Props to Obama’s First Two Days

I have to say that it’s nice to have a Democrat in power again. I have some Republican readers out there (just embrace it, Kevin; talk to Taylor — he’ll help you) who I know will find it very annoying for me to be joining in the celebration of Obama’s first couple of days. But, I have to say, that I like what Obama’s done so far: moving to close Guantanamo and the CIA’s secret prisons is simply awesome. The very existence of these programs is not only Un-American, but, I believe, unconstitutional.

Where, in our Constitution, does it say that the United States can take people into custody and detain them for years at a time without bringing them up on charges? I was hoping that the justice system would actually reject Bush’s programs, but the years went on and nothing happened. It seemed that someone in the Bush Administration decided to leave the people detained in Guantanamo for the next President to sort out. (I felt this even before Bush got re-elected in 2004.)

For that matter, Iraq seemed little more than a talking point in the “War on Terror” in Bush’s second term; other than sending some additional troops into Iraq, what really changed there? For that matter, what did the additional troops accomplish other than to give John McCain something to ramble on about during his campaign for President? I love what The Daily Reckoning’s Bill Bonner said about the Iraqi journalist throwing a shoe at Bush: “What’s wrong with our American journalists? Have they no shoes?”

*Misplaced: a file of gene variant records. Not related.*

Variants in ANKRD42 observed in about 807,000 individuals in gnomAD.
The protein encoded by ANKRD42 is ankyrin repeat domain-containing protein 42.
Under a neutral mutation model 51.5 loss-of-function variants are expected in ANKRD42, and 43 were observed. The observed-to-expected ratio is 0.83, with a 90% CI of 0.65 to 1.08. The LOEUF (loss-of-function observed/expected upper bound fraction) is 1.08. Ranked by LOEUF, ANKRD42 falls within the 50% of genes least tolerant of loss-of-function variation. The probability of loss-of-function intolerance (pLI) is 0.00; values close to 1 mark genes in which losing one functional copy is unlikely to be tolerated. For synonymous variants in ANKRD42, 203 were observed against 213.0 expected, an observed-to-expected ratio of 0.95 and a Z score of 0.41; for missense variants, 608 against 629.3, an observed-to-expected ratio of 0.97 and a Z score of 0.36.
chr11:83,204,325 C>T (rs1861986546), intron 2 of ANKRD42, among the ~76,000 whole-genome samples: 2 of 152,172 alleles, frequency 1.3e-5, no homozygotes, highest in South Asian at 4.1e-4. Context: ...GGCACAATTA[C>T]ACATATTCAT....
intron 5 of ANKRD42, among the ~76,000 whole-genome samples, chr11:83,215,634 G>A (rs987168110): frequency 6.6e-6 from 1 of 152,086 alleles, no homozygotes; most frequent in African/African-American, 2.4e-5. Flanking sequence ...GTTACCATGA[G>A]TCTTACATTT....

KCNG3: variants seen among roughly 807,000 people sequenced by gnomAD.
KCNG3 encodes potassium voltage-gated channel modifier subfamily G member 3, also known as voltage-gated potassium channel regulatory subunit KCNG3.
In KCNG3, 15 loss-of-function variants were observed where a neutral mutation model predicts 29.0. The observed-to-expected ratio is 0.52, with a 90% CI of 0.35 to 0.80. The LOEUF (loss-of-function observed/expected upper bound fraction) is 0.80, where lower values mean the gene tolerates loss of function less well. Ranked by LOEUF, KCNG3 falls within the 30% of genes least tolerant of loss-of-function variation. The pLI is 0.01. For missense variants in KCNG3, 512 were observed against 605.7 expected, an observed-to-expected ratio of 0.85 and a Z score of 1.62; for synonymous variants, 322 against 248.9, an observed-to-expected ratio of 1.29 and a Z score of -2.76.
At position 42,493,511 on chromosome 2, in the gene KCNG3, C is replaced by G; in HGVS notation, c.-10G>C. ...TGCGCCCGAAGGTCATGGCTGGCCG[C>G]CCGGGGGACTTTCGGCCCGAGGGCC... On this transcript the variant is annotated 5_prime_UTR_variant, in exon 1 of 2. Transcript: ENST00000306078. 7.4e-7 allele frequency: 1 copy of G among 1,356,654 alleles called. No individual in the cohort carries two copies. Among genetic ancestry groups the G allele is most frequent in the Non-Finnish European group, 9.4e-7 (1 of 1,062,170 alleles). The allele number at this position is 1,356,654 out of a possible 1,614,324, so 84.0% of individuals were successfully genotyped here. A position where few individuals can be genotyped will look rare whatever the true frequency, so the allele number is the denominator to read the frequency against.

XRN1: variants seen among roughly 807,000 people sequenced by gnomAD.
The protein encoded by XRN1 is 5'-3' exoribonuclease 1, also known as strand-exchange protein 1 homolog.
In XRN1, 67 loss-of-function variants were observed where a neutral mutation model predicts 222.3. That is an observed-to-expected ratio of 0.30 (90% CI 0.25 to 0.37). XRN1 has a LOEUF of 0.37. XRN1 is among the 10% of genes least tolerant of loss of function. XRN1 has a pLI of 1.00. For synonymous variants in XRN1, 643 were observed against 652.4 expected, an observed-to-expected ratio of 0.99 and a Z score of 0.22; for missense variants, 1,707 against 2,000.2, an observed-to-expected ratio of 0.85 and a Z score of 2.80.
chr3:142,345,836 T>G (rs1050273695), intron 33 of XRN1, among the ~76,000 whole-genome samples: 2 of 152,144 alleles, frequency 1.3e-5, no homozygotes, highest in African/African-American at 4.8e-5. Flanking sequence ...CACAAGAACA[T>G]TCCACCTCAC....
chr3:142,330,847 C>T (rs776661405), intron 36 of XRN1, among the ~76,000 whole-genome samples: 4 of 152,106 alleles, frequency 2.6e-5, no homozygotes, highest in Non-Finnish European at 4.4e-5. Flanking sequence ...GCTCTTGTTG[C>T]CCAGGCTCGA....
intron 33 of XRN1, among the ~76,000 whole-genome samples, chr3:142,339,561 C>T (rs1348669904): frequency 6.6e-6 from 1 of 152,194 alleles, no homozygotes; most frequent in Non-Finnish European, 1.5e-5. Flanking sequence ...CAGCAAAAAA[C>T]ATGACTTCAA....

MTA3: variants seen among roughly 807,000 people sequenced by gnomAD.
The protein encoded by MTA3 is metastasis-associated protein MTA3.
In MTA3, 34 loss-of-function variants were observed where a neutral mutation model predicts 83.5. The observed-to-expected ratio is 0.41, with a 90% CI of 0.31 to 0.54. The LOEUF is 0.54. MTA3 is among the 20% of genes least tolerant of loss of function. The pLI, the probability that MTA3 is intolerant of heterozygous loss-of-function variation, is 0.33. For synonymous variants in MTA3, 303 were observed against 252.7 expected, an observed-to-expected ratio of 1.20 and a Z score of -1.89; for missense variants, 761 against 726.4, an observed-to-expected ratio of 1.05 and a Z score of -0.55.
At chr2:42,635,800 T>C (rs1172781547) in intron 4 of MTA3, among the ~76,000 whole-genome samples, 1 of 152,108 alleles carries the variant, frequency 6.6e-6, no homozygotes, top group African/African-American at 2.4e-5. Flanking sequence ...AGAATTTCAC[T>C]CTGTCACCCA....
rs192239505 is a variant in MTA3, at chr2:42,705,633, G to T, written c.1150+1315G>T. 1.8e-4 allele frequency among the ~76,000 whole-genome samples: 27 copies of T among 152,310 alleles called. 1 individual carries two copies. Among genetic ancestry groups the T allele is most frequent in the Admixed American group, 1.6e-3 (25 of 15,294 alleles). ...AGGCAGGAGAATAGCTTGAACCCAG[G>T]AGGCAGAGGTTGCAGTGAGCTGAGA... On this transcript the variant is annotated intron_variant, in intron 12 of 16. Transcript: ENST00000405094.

Indeed, I wondered the same thing about a lot of people. How could we allow the Bush administration to rewrite the power of the executive branch before our very eyes and have so little outrage? So, I am pleased to see Obama’s first acts being so definitive to curtail the obvious abuses of the prior administration. Although, Wall Street doesn’t seem quite so happy about it.

As Taylor pointed out in his last comment,

“The percentage decline is the worst ever for the Dow on a president’s first day in office. That would break the old record, 2.9%, set on Nov. 22, 1963, when Lyndon Johnson took over after John F. Kennedy’s assassination.”

Of course, there’s a maxim on Wall Street that the first two years of a new Presidency will be down years and the last two will be good ones.

Still, that was a particularly violent reaction to Obama’s first day.

Although, I made money. As you can see in the chart below, Barrick Gold has been doing just fine over the 3 months since Obama was elected President. On that fateful day of which Taylor spoke, when the Dow was down 4%, Barrick was up some 5.8%. What can I say? Gold’s been treating me well.

Barrick Gold Over the Last 90 Days
Barrick Gold Over the Last 90 Days

That’s not to say that I think this stock isn’t going to see some rocky times ahead. I do think the forces of liquidation are taking a breather — for now. The volatility of this week is more the Wall Street traders showing their displeasure at the forces of Socialism that Obama represents. But I expect it to stabilize over the next few weeks. In fact, I’m expecting a bit of a rally. It’s going to be a sucker’s rally, though; but I still expect it’s going to trap a lot of people who are thinking that the worst is behind us.